Heroes and Scoundrels: The Image of the Journalist in Popular Culture
Reviews and Comment
Book Review - Journalism & Mass Communication Quarterly, March 2016, by John M. Coward, University of Tulsa, pp 243-245. "With scores of examples and an extensive appendix of media sources, Heroes and Scoundrels is a terrific resource for courses in mass communication and society, contemporary issues in journalism, journalism ethics, media history, and related courses. Instructors will find numerous examples of journalistic stereotypes, exaggerated characterizations, and breezy ethics that can spark classroom discussions and research."
Book Review - Journalism, 2016 - Heroes and Scoundrels: The image of the journalist in popular culture, reviewed by David Asa Schwartz, The University of Iowa, Journalism: Theory, Practice and Criticism. Journalism is a major international, peer-reviewed journal that provides a dedicated forum for articles from the growing community of academic researchers and critical practitioners with an interest in journalism. The journal is interdisciplinary and publishes both theoretical and empirical work that contributes to the social, economic, political, cultural and practical understanding of journalism.Journalism: Theory, Practice and Criticism is delighted to be affiliated with the Journalism Studies Division of the ICA.
Book Review: Ray Begovich (2016) Heroes and Scoundrels: The Image of the Journalist in Popular Culture, American Journalism, 33:2. pp. 231-232. DOI: 10.1080/08821127.2016.1168152
The New Mexico Weekly Magazine of Arts, Entertainment & Culture, Books: Jonathan Richards, December
24, 2015: Type casting: Journalists in Pop Culture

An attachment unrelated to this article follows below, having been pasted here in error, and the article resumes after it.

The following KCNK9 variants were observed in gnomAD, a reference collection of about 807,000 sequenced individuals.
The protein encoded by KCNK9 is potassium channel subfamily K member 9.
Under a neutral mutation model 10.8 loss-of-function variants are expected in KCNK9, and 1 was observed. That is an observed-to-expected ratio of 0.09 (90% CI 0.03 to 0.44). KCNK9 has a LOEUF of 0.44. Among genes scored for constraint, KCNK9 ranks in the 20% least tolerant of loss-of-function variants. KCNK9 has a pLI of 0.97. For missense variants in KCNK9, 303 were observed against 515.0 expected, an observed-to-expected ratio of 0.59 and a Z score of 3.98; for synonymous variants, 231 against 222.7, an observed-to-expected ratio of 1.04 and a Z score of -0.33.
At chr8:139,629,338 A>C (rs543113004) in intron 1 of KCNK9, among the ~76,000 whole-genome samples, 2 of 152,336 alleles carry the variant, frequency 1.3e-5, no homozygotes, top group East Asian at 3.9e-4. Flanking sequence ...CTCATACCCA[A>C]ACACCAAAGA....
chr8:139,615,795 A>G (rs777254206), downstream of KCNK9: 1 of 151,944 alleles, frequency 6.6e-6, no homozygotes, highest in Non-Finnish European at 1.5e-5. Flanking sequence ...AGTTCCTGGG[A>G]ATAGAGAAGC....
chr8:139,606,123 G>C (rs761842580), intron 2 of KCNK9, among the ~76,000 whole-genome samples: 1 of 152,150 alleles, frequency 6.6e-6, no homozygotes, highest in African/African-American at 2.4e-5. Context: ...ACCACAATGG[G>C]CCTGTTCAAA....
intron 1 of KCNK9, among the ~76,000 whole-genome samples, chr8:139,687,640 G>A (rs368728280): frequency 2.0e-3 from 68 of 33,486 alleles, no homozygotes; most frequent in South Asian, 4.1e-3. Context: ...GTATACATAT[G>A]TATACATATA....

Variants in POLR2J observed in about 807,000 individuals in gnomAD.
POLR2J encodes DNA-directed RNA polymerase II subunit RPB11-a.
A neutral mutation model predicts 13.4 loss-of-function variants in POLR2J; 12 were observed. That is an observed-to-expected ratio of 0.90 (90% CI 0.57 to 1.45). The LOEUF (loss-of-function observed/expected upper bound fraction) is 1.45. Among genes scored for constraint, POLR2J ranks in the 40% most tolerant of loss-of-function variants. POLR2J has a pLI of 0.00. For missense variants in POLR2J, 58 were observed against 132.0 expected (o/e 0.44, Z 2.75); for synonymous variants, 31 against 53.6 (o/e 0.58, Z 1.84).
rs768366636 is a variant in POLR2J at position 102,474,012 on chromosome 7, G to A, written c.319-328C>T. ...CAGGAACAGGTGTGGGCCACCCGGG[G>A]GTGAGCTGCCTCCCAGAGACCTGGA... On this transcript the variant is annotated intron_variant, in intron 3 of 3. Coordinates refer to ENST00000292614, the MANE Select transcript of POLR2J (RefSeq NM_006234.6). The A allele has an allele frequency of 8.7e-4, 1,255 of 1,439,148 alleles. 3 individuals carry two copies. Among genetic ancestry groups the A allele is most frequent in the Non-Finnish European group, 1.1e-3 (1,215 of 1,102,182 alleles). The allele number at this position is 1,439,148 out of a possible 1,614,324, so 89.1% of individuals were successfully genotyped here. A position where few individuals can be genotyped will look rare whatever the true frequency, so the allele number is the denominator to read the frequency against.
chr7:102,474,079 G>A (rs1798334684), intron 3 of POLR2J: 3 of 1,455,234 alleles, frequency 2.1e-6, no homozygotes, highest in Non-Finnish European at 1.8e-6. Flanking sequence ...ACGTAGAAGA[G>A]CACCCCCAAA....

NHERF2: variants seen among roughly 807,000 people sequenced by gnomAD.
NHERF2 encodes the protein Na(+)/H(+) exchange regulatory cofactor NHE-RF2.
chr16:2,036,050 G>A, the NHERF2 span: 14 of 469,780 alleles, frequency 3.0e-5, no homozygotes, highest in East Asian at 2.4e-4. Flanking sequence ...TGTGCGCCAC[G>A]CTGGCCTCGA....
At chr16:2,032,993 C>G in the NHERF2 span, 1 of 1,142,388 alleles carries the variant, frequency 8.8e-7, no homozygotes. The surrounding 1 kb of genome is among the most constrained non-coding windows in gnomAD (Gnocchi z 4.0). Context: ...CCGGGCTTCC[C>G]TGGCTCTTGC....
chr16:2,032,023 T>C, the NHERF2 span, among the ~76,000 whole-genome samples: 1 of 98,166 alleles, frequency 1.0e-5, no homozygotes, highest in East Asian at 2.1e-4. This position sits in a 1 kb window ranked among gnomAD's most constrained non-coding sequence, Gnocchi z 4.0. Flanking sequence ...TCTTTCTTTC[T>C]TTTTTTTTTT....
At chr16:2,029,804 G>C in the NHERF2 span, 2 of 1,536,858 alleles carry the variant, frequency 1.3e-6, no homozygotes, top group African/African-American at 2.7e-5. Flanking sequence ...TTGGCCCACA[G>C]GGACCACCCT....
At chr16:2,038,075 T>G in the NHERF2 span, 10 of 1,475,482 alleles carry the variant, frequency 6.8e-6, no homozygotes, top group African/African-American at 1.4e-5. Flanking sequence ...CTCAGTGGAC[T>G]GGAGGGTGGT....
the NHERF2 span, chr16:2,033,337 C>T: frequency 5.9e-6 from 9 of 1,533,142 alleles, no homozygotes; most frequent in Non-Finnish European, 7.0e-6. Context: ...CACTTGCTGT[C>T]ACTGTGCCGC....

Book Discussion on "Heroes and Scoundrels: The Image of the Journalist in Popular Culture" by Matthew C. Ehrlich and Joe Saltzman. Professor Joe Saltzman talked about the way journalists are portrayed in popular culture. This interview, recorded at the University of Southern California, is part of Book TV’s college series. It aired on Sunday May 24 at 10:40 p.m.
Clio - Newsletter of the History Division of the Association for Education in Journalism and Mass Communication, Winter 2016, Vol. 50, No. 2. Book Excerpt: Heroes and Scoundrels.
"A perceptive study of an enduring and tantalizing question: What do they think of us? Ehrlich and Saltzman craft a persuasive, sometimes painful, sometimes hilarious montage of the omnipresence of journalists in popular culture. But the book does more than that. The authors work also tells us a great deal about the powerful and defining role of popular culture itself. No one is safe from the roving eye of entertainment."--Richard Reeves, author of What the People Know: Freedom and the Press
"Stimulating and thought-provoking. . . . No other work comes close to covering the subject as broadly."--Maurine H. Beasley, author of Women of the Washington Press: Politics, Prejudice, and Persistence
"The assumption behind Heroes and Scoundrels: The Image of the Journalist in Popular Culture is that the audience's perception of the messenger shapes the message. That's hardly a new idea but, applied to journalism in a democracy, it's vastly significant. For example, it turns out that, while the media have been transformed by technology, archetypal images of journalists have persisted. Maybe everything hasn't changed all that much after all. That, along with other important insights gained from formidable research, will help both journalists and their audiences better understand the news of the future. Besides, it’s fun to read all those stories."--Warren Olney, Host and Executive Producer, "To the Point" and "Which Way, LA?", KCRW-FM
"A great read that showcases depictions of journalists over the past century in popular culture. Its thoughtful analysis integrates cultural theory with media concepts and provides important historical context that will interest professionals and academics alike."--Bonnie Brennen, author of Qualitative Research Methods for Media Studies
"Using a multidisciplinary approach that draws on everything from language studies to cultural studies, Matthew C. Ehrlich and Joe Saltzman creatively and entertainingly address the history of the journalist’s image, 1890 to the present. Fascinating chapters focus on the images of photographers, war correspondents, gay and lesbian journalists, journalists of color, women journalists, and journalists of the sci fi future. The dueling myths of the journalist as hero and scoundrel, the book persuasively argues, raise questions about the enduring tension in society between the press as a force for freedom and a tool of oppression."--Loren Ghiglione, author of CBS's Don Hollenbeck: An Honest Reporter in the Age of McCarthyism